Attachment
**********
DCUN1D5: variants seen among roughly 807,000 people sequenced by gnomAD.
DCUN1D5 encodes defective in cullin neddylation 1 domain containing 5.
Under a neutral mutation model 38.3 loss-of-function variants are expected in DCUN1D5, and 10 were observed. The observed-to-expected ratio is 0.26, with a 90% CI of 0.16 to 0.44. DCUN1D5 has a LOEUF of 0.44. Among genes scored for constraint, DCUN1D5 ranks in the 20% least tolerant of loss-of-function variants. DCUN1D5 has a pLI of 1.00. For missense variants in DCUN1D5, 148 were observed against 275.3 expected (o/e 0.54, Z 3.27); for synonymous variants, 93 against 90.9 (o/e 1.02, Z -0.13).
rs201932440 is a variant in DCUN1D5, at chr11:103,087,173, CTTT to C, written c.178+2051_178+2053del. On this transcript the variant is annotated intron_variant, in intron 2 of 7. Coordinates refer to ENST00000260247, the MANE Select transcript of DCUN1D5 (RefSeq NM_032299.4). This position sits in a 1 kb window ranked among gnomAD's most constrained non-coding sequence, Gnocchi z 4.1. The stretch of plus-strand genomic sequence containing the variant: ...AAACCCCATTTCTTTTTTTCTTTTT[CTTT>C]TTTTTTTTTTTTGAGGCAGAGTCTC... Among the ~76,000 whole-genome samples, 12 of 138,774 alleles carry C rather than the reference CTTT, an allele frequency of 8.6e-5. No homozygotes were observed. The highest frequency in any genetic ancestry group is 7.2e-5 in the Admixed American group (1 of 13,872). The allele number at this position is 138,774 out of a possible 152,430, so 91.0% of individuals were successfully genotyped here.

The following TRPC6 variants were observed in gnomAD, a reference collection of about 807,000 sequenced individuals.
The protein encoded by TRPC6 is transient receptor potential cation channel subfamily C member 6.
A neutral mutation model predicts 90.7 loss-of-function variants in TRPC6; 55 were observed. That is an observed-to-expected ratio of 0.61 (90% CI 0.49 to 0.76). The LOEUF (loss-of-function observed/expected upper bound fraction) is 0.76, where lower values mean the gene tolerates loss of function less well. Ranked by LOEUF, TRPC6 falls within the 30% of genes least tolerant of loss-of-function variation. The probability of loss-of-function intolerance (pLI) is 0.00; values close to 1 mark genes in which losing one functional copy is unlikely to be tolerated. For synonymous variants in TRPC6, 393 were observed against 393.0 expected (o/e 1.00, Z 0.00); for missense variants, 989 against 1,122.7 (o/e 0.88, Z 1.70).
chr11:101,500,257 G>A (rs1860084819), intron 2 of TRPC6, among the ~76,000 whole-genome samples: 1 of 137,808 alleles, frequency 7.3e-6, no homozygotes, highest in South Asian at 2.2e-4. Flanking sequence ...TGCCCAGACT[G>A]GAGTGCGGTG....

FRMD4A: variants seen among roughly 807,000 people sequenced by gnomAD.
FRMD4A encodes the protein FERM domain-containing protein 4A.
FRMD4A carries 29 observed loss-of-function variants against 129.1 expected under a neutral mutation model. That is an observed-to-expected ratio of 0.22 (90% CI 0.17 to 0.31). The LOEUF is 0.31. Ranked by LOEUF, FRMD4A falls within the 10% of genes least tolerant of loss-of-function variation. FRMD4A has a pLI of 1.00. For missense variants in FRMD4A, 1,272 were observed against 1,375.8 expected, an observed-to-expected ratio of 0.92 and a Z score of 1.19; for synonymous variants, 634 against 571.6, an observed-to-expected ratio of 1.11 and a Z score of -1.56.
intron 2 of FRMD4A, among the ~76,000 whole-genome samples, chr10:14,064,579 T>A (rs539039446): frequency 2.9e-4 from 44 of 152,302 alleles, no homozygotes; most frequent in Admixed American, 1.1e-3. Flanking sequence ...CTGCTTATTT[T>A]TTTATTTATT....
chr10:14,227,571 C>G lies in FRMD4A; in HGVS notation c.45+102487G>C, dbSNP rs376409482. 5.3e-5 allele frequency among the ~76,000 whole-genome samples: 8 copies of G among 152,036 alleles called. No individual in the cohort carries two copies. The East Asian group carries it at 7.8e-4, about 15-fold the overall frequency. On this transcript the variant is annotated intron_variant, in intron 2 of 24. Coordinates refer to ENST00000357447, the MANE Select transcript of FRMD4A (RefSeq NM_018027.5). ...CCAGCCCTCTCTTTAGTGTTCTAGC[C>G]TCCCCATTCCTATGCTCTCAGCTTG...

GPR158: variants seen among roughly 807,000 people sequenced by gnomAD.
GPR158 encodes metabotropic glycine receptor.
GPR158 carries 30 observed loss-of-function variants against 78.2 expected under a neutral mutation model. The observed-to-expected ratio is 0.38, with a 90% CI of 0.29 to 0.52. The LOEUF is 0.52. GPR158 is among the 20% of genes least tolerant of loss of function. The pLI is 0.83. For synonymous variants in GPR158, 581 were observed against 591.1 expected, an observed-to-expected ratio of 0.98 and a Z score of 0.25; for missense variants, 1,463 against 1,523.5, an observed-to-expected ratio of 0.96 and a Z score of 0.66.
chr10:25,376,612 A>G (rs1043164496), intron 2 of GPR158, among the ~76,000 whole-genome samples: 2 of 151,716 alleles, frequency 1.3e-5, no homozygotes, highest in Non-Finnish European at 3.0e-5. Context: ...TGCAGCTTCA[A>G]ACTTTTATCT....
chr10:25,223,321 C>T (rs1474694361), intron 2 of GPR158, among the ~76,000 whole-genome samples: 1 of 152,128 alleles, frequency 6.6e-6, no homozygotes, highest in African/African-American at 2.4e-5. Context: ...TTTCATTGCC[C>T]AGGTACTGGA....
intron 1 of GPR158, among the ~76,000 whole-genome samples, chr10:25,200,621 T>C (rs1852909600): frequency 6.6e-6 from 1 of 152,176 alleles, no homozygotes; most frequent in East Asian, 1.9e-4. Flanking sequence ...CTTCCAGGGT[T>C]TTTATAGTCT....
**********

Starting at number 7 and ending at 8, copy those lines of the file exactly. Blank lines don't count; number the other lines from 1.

A neutral mutation model predicts 90.7 loss-of-function variants in TRPC6; 55 were observed. That is an observed-to-expected ratio of 0.61 (90% CI 0.49 to 0.76). The LOEUF (loss-of-function observed/expected upper bound fraction) is 0.76, where lower values mean the gene tolerates loss of function less well. Ranked by LOEUF, TRPC6 falls within the 30% of genes least tolerant of loss-of-function variation. The probability of loss-of-function intolerance (pLI) is 0.00; values close to 1 mark genes in which losing one functional copy is unlikely to be tolerated. For synonymous variants in TRPC6, 393 were observed against 393.0 expected (o/e 1.00, Z 0.00); for missense variants, 989 against 1,122.7 (o/e 0.88, Z 1.70).
chr11:101,500,257 G>A (rs1860084819), intron 2 of TRPC6, among the ~76,000 whole-genome samples: 1 of 137,808 alleles, frequency 7.3e-6, no homozygotes, highest in South Asian at 2.2e-4. Flanking sequence ...TGCCCAGACT[G>A]GAGTGCGGTG....